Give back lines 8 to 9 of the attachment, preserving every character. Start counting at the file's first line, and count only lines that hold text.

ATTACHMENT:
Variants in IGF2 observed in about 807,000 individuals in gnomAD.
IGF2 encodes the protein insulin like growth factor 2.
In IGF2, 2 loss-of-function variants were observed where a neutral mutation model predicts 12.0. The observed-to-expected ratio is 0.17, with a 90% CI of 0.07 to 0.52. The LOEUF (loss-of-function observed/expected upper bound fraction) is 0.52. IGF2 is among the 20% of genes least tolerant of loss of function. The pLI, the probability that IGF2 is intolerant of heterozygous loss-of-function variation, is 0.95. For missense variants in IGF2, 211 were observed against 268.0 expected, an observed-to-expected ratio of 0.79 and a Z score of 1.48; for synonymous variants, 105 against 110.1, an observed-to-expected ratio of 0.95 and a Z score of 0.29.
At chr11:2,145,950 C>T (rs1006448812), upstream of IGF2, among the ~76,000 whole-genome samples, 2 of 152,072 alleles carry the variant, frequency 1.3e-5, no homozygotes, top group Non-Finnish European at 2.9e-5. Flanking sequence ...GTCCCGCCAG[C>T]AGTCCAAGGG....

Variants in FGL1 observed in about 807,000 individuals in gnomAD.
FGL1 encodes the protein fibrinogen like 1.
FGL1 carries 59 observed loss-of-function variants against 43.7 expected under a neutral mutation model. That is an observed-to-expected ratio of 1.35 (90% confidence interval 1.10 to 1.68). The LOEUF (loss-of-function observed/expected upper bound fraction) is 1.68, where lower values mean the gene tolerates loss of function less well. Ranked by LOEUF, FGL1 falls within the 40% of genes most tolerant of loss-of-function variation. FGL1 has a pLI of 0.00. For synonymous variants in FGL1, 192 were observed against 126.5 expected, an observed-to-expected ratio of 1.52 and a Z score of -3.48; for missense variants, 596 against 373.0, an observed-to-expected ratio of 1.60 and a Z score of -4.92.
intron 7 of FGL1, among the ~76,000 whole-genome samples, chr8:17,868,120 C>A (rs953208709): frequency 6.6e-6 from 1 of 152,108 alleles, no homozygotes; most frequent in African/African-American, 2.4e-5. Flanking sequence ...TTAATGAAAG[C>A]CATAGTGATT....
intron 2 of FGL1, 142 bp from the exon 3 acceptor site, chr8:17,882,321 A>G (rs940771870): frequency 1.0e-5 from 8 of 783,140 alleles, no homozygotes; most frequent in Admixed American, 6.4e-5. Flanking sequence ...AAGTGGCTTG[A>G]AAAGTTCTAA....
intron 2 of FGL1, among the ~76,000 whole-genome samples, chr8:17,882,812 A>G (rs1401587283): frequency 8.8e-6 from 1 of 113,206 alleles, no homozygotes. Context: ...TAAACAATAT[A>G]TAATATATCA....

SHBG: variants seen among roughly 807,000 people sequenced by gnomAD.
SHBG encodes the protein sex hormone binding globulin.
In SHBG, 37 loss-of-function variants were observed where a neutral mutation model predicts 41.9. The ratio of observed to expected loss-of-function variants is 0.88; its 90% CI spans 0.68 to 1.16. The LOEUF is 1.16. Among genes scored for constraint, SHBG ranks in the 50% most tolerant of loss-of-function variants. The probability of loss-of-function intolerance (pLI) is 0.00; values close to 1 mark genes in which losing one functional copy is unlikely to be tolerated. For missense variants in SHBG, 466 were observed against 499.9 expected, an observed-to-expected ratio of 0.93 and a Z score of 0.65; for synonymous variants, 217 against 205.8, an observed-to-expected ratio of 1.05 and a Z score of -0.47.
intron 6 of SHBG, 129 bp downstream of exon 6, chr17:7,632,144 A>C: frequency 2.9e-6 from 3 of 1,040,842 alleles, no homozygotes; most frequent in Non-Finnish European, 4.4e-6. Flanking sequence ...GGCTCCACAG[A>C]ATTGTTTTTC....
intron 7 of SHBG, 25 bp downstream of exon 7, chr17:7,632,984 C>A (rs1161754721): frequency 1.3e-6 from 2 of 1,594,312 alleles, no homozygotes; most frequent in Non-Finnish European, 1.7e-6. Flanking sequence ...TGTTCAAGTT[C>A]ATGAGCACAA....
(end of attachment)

intron 7 of FGL1, among the ~76,000 whole-genome samples, chr8:17,868,120 C>A (rs953208709): frequency 6.6e-6 from 1 of 152,108 alleles, no homozygotes; most frequent in African/African-American, 2.4e-5. Flanking sequence ...TTAATGAAAG[C>A]CATAGTGATT....
intron 2 of FGL1, 142 bp from the exon 3 acceptor site, chr8:17,882,321 A>G (rs940771870): frequency 1.0e-5 from 8 of 783,140 alleles, no homozygotes; most frequent in Admixed American, 6.4e-5. Flanking sequence ...AAGTGGCTTG[A>G]AAAGTTCTAA....